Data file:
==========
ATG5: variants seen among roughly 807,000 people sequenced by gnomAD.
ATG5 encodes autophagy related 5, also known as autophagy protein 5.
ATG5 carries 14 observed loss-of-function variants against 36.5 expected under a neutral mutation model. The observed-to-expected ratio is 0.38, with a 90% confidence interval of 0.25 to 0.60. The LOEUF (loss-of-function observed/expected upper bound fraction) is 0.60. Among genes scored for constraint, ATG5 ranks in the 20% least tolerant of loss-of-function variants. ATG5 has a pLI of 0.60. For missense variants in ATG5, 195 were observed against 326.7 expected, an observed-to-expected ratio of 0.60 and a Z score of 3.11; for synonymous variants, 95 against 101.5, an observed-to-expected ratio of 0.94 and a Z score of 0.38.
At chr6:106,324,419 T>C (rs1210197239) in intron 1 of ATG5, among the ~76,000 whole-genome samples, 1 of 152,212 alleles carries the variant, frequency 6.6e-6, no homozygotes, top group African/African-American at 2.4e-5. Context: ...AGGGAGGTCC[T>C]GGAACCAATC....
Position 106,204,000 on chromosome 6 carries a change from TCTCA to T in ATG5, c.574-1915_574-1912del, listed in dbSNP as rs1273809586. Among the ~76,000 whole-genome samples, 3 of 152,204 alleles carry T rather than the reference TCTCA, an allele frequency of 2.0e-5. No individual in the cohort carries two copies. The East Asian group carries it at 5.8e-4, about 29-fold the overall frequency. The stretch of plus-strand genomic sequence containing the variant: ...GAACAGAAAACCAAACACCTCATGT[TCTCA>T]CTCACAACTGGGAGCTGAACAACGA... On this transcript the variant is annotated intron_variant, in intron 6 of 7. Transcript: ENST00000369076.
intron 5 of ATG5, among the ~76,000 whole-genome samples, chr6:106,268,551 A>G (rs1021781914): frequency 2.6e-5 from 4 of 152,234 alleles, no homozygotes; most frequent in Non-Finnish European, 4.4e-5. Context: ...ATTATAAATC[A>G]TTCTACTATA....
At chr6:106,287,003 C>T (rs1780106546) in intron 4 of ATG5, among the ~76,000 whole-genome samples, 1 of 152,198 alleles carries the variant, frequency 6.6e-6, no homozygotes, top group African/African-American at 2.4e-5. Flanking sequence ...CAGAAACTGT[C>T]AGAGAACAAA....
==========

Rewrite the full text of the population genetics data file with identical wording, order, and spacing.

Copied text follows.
ATG5: variants seen among roughly 807,000 people sequenced by gnomAD.
ATG5 encodes autophagy related 5, also known as autophagy protein 5.
ATG5 carries 14 observed loss-of-function variants against 36.5 expected under a neutral mutation model. The observed-to-expected ratio is 0.38, with a 90% confidence interval of 0.25 to 0.60. The LOEUF (loss-of-function observed/expected upper bound fraction) is 0.60. Among genes scored for constraint, ATG5 ranks in the 20% least tolerant of loss-of-function variants. ATG5 has a pLI of 0.60. For missense variants in ATG5, 195 were observed against 326.7 expected, an observed-to-expected ratio of 0.60 and a Z score of 3.11; for synonymous variants, 95 against 101.5, an observed-to-expected ratio of 0.94 and a Z score of 0.38.
At chr6:106,324,419 T>C (rs1210197239) in intron 1 of ATG5, among the ~76,000 whole-genome samples, 1 of 152,212 alleles carries the variant, frequency 6.6e-6, no homozygotes, top group African/African-American at 2.4e-5. Context: ...AGGGAGGTCC[T>C]GGAACCAATC....
Position 106,204,000 on chromosome 6 carries a change from TCTCA to T in ATG5, c.574-1915_574-1912del, listed in dbSNP as rs1273809586. Among the ~76,000 whole-genome samples, 3 of 152,204 alleles carry T rather than the reference TCTCA, an allele frequency of 2.0e-5. No individual in the cohort carries two copies. The East Asian group carries it at 5.8e-4, about 29-fold the overall frequency. The stretch of plus-strand genomic sequence containing the variant: ...GAACAGAAAACCAAACACCTCATGT[TCTCA>T]CTCACAACTGGGAGCTGAACAACGA... On this transcript the variant is annotated intron_variant, in intron 6 of 7. Transcript: ENST00000369076.
intron 5 of ATG5, among the ~76,000 whole-genome samples, chr6:106,268,551 A>G (rs1021781914): frequency 2.6e-5 from 4 of 152,234 alleles, no homozygotes; most frequent in Non-Finnish European, 4.4e-5. Context: ...ATTATAAATC[A>G]TTCTACTATA....
At chr6:106,287,003 C>T (rs1780106546) in intron 4 of ATG5, among the ~76,000 whole-genome samples, 1 of 152,198 alleles carries the variant, frequency 6.6e-6, no homozygotes, top group African/African-American at 2.4e-5. Flanking sequence ...CAGAAACTGT[C>T]AGAGAACAAA....